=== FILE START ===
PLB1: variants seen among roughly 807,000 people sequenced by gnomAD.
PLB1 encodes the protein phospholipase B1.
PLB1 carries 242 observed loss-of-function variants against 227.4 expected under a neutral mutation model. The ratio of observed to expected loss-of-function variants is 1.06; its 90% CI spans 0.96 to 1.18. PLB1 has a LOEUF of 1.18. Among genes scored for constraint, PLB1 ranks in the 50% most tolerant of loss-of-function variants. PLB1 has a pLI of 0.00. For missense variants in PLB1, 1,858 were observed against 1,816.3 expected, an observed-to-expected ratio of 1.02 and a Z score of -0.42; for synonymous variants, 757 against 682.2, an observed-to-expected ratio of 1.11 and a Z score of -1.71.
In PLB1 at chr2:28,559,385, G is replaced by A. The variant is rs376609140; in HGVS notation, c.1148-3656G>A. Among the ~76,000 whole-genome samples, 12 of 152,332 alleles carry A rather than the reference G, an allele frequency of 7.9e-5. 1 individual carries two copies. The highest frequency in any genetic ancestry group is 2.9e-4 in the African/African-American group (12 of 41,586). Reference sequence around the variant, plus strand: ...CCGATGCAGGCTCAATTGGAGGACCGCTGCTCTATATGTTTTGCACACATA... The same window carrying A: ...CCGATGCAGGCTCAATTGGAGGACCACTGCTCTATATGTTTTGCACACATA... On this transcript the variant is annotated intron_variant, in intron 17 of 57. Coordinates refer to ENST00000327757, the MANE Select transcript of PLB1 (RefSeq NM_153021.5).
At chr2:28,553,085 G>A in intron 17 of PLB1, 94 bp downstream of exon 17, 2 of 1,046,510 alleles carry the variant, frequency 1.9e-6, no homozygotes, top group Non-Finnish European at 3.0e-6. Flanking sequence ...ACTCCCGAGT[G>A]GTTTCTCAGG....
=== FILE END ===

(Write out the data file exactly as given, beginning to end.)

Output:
PLB1: variants seen among roughly 807,000 people sequenced by gnomAD.
PLB1 encodes the protein phospholipase B1.
PLB1 carries 242 observed loss-of-function variants against 227.4 expected under a neutral mutation model. The ratio of observed to expected loss-of-function variants is 1.06; its 90% CI spans 0.96 to 1.18. PLB1 has a LOEUF of 1.18. Among genes scored for constraint, PLB1 ranks in the 50% most tolerant of loss-of-function variants. PLB1 has a pLI of 0.00. For missense variants in PLB1, 1,858 were observed against 1,816.3 expected, an observed-to-expected ratio of 1.02 and a Z score of -0.42; for synonymous variants, 757 against 682.2, an observed-to-expected ratio of 1.11 and a Z score of -1.71.
In PLB1 at chr2:28,559,385, G is replaced by A. The variant is rs376609140; in HGVS notation, c.1148-3656G>A. Among the ~76,000 whole-genome samples, 12 of 152,332 alleles carry A rather than the reference G, an allele frequency of 7.9e-5. 1 individual carries two copies. The highest frequency in any genetic ancestry group is 2.9e-4 in the African/African-American group (12 of 41,586). Reference sequence around the variant, plus strand: ...CCGATGCAGGCTCAATTGGAGGACCGCTGCTCTATATGTTTTGCACACATA... The same window carrying A: ...CCGATGCAGGCTCAATTGGAGGACCACTGCTCTATATGTTTTGCACACATA... On this transcript the variant is annotated intron_variant, in intron 17 of 57. Coordinates refer to ENST00000327757, the MANE Select transcript of PLB1 (RefSeq NM_153021.5).
At chr2:28,553,085 G>A in intron 17 of PLB1, 94 bp downstream of exon 17, 2 of 1,046,510 alleles carry the variant, frequency 1.9e-6, no homozygotes, top group Non-Finnish European at 3.0e-6. Flanking sequence ...ACTCCCGAGT[G>A]GTTTCTCAGG....